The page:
CRRT: Who does it??

  1. 0 I am a dialysis nurse working in an inpatient, acute care setting. Where I work, the dialysis staff sets up the CRRT (PRISMA), provides teaching to the critical care staff, changes the set-up when the sytem clots, makes the changes when there is a change in modality ordered (ie: SCUF to CVVHD), on call for problems, and discontinues the treatment when so ordered. Please tell me how it is handled where you work. I would also like to know what area you work in (ie: ICU, CCU, SICU, TICU, CVRR, Dialysis, etc.) and how you feel about your CRRT resonsibilities. Thanks in advance.
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  3. Visit  NephRN} profile page

    About NephRN

    From 'Central Florida'; Joined Jul '01; Posts: 11.

    29 Comments so far...

  4. Visit  ValWai} profile page
    0
    What we do is exactly what you are doing in your hospital. But there is always conflicts between ICU staff and dialysis nurses when it comes to this question. Some nurses will be very happy to take up the responsibility while some nurses don't. We all know that it is impossible for us to stay in ICU and monitor the patient and the machine round the clock. ICU staff has to do it. A clear hospital policies on who does what will help to prevent conflicts.
  5. Visit  nilepoc} profile page
    0
    We do everything ourselves, with minimal backup. The ICU nurses in our TSICU (trauma/surg/burn) and MICU takke classes on prisma and from then on run the therapy and do all of the things you mention. Matter of fact, the MICU stores the prisma machines when not in use. We are responsible for orderingour own supplies and dealing with the renal docotors. Our patinets are usually only made one to one when stable, but if they are on high dose pressors, then they are two to ones.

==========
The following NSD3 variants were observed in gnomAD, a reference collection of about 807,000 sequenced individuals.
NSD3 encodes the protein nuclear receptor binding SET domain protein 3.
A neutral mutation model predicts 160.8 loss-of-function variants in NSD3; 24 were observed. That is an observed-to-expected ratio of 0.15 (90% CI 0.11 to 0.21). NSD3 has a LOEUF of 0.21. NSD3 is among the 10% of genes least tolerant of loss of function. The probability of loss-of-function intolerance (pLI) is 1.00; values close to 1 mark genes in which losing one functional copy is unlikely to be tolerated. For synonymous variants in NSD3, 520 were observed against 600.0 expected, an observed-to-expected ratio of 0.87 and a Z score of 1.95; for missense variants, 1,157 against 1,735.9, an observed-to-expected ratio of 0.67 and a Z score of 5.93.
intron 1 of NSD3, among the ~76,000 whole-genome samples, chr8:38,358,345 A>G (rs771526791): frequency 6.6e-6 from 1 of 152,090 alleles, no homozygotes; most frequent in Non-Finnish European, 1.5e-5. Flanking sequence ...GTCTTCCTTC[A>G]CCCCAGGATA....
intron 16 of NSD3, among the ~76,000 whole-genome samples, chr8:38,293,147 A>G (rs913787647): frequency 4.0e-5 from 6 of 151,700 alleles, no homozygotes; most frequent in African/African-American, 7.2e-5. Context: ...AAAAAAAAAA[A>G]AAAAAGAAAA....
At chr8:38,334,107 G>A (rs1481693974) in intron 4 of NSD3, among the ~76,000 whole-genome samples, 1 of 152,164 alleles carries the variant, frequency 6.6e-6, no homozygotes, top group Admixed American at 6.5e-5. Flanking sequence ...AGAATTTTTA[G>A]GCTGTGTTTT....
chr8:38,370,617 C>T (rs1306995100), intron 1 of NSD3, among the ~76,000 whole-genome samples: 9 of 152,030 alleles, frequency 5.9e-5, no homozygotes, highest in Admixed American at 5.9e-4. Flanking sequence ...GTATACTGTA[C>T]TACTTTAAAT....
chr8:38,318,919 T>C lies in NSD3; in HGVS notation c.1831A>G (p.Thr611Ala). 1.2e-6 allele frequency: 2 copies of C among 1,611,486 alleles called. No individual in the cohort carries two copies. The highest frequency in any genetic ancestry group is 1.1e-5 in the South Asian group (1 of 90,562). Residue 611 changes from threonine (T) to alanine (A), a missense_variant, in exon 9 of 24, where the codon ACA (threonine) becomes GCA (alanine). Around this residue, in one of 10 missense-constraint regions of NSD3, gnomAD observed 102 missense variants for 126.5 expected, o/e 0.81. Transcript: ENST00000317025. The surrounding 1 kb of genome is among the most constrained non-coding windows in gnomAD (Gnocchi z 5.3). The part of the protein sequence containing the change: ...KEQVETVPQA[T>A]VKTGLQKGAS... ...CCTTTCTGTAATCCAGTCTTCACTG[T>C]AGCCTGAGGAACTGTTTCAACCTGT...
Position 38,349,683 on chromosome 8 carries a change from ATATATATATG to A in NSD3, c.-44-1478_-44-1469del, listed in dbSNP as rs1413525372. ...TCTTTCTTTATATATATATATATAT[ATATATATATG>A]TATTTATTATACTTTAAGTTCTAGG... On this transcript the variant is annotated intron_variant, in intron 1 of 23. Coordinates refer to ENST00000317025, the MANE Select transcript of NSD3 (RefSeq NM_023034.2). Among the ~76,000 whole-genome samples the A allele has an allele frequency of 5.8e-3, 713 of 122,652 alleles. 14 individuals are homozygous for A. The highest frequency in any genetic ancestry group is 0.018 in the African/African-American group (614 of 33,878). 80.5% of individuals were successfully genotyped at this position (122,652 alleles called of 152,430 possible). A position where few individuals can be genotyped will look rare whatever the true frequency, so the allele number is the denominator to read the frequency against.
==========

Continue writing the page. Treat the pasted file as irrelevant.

6. Visit  nilepoc} profile page
    0
    one other thing to add, pharmacy mixes all the dialysate, and replacement fluids.
    Last edit by nilepoc on Oct 12, '01
  7. Visit  Eastclif} profile page
    0
    In the CVICU where I work, the nurses do everything with the CRRT. But first you have to attend inservice classes, and then your name goes on the list of nurses in the unit who can do CRRT. (We do the same for IABP and VADs.) If we have problems we can't handle, which is a rare occurence, we call the Prisma rep. We always nurse the patients 1:1. When we first started using the Prisma, in the early 90's, we would have 2:1, but that didn't last long!!! If and when the patient is stable enough for hemo, the dialysis nurses take over, and bring their portable equipment, which we have nothing whatsoever to do with.
  8. Visit  RNforLongTime} profile page
    0
    The nurses in my ICU who've been trained in CRRT with the Prisma machine, set up and all that other Jazz with the machines. Pharmacy sends up KCL to inject into the dialysate. I've not been trained on it yet...probably within the next 6 months or so....
  9. Visit  TELEpathicRN} profile page
    0
    I work acute HD and thank god we don't do CRRT, for the reasons mentioned above. We are contract workers and it always ends up in a big mess about who is supposed to do what, even with a clear hospital policy. Doctors don't know/care what hospital policy is. They ask us to do all kinds of things that we aren't "credentialed" to do at our hospitals. I hate having to explain this to a nurse, especially when we tell them that they have to come to the unit to check BG'S. We do not even have a BG monitor!! all we are "credentialed" to do is dialysis and dialysis related procedures. We aren't even supposed to suction a pt in ICU when we are doing a treatment!! Ya know that us good nurses do it anyway!!!